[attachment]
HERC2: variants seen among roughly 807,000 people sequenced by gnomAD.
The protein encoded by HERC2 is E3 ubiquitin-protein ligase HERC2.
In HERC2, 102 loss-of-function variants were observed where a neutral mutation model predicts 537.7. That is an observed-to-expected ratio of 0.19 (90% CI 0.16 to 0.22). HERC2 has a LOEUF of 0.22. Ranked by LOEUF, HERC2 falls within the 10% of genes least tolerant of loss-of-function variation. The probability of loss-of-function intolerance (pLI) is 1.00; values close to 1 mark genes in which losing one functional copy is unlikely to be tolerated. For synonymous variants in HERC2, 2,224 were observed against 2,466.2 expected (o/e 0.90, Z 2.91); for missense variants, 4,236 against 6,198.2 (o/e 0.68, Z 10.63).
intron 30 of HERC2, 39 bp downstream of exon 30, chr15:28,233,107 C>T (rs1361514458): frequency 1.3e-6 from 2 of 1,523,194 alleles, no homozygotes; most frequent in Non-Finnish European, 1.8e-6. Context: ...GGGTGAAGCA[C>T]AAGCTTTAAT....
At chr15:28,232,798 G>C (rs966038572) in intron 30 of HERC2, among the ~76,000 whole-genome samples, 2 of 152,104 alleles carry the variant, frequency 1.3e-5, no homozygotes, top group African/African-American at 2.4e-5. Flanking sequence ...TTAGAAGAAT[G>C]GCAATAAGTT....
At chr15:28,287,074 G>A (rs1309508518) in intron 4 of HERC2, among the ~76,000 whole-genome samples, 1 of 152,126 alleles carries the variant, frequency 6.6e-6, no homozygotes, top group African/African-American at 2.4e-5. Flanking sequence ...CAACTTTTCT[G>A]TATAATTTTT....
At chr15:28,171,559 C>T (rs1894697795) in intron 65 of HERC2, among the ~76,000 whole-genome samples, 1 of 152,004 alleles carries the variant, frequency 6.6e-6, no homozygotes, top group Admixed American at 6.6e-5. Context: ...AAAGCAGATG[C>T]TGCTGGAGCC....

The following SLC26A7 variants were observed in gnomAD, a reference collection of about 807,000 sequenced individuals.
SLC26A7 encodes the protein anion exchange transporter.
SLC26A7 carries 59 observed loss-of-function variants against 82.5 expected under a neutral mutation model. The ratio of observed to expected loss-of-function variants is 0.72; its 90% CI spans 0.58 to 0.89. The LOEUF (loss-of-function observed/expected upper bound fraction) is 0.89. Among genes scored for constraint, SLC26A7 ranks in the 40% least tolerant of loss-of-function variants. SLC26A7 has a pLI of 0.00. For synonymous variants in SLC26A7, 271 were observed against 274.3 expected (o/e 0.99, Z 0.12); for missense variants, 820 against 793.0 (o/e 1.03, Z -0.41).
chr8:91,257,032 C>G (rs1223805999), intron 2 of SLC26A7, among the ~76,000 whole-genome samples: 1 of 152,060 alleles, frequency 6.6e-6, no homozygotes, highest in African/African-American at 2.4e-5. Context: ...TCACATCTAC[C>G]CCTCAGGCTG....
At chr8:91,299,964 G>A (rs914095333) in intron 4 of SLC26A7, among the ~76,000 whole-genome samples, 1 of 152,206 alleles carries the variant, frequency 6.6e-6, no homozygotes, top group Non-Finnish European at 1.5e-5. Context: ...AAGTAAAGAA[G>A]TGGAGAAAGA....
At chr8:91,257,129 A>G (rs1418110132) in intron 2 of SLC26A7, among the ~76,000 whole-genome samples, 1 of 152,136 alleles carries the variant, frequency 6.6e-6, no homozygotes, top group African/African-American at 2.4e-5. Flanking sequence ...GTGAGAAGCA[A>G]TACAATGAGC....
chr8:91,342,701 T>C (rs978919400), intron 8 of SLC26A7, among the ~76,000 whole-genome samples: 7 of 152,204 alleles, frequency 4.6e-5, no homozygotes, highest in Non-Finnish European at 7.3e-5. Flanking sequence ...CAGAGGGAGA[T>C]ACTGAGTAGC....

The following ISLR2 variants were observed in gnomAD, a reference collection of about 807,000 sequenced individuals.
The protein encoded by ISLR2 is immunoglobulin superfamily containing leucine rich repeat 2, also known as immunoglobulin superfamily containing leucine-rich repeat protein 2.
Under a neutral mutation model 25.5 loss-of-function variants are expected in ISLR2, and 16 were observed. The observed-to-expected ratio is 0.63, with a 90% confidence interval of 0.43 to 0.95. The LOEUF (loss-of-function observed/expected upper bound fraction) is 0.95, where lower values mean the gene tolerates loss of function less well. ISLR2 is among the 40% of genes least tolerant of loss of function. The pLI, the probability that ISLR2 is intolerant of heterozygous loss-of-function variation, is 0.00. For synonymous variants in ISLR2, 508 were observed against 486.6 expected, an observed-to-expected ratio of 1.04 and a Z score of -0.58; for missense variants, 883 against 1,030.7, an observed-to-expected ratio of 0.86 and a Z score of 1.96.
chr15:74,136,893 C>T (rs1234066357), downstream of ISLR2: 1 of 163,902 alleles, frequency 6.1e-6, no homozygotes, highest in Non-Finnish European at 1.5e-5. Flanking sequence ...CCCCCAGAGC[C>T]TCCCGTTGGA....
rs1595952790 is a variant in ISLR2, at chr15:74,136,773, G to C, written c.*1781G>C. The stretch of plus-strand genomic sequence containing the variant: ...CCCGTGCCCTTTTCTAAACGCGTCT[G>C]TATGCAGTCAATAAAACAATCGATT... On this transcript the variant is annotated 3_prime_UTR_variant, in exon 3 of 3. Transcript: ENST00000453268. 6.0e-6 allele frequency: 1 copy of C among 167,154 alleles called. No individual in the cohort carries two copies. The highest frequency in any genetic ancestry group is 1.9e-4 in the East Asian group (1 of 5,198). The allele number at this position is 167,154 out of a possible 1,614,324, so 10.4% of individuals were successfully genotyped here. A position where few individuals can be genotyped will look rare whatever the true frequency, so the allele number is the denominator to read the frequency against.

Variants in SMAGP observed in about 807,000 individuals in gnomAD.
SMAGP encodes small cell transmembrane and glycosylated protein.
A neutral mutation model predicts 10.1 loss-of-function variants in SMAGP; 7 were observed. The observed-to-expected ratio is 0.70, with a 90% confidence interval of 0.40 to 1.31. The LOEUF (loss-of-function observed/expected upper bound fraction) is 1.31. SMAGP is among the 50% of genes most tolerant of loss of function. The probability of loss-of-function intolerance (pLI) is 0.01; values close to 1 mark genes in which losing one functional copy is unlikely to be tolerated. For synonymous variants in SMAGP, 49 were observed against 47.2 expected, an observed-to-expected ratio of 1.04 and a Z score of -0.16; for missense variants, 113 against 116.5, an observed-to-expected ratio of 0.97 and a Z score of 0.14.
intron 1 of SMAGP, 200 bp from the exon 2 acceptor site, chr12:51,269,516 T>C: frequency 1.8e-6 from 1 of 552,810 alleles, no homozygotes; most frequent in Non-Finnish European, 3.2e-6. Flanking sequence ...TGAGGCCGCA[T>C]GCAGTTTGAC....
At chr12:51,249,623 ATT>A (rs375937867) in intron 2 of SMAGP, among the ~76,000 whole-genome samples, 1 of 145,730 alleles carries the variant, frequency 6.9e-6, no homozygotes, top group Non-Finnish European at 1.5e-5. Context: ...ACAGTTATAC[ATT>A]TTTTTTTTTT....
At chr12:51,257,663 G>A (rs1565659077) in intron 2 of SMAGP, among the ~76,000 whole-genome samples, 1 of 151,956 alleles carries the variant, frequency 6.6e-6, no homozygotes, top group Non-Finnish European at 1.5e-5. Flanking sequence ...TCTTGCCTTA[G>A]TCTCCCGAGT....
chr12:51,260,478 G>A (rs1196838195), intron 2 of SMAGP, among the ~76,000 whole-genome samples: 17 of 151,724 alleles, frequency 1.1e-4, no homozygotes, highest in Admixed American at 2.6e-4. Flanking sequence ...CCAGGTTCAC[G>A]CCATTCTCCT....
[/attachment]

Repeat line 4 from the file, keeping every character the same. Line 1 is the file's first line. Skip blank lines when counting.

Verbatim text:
intron 30 of HERC2, 39 bp downstream of exon 30, chr15:28,233,107 C>T (rs1361514458): frequency 1.3e-6 from 2 of 1,523,194 alleles, no homozygotes; most frequent in Non-Finnish European, 1.8e-6. Context: ...GGGTGAAGCA[C>T]AAGCTTTAAT....